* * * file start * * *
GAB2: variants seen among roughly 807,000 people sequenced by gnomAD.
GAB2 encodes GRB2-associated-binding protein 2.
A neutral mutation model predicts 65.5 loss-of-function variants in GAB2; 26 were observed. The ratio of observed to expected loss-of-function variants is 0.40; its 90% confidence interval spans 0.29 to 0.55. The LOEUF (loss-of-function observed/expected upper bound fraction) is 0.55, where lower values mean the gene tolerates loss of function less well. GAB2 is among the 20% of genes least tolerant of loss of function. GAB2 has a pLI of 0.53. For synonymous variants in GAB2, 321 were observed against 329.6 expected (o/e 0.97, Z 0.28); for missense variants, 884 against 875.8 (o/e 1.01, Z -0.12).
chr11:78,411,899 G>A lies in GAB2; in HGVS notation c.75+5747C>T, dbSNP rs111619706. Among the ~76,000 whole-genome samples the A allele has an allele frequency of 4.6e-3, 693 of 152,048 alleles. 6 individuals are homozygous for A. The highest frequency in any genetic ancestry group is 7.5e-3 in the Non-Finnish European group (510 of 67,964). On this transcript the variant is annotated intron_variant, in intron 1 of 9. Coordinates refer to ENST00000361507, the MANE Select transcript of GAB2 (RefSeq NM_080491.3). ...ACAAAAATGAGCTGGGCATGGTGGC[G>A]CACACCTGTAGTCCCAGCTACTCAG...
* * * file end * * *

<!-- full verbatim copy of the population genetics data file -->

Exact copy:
GAB2: variants seen among roughly 807,000 people sequenced by gnomAD.
GAB2 encodes GRB2-associated-binding protein 2.
A neutral mutation model predicts 65.5 loss-of-function variants in GAB2; 26 were observed. The ratio of observed to expected loss-of-function variants is 0.40; its 90% confidence interval spans 0.29 to 0.55. The LOEUF (loss-of-function observed/expected upper bound fraction) is 0.55, where lower values mean the gene tolerates loss of function less well. GAB2 is among the 20% of genes least tolerant of loss of function. GAB2 has a pLI of 0.53. For synonymous variants in GAB2, 321 were observed against 329.6 expected (o/e 0.97, Z 0.28); for missense variants, 884 against 875.8 (o/e 1.01, Z -0.12).
chr11:78,411,899 G>A lies in GAB2; in HGVS notation c.75+5747C>T, dbSNP rs111619706. Among the ~76,000 whole-genome samples the A allele has an allele frequency of 4.6e-3, 693 of 152,048 alleles. 6 individuals are homozygous for A. The highest frequency in any genetic ancestry group is 7.5e-3 in the Non-Finnish European group (510 of 67,964). On this transcript the variant is annotated intron_variant, in intron 1 of 9. Coordinates refer to ENST00000361507, the MANE Select transcript of GAB2 (RefSeq NM_080491.3). ...ACAAAAATGAGCTGGGCATGGTGGC[G>A]CACACCTGTAGTCCCAGCTACTCAG...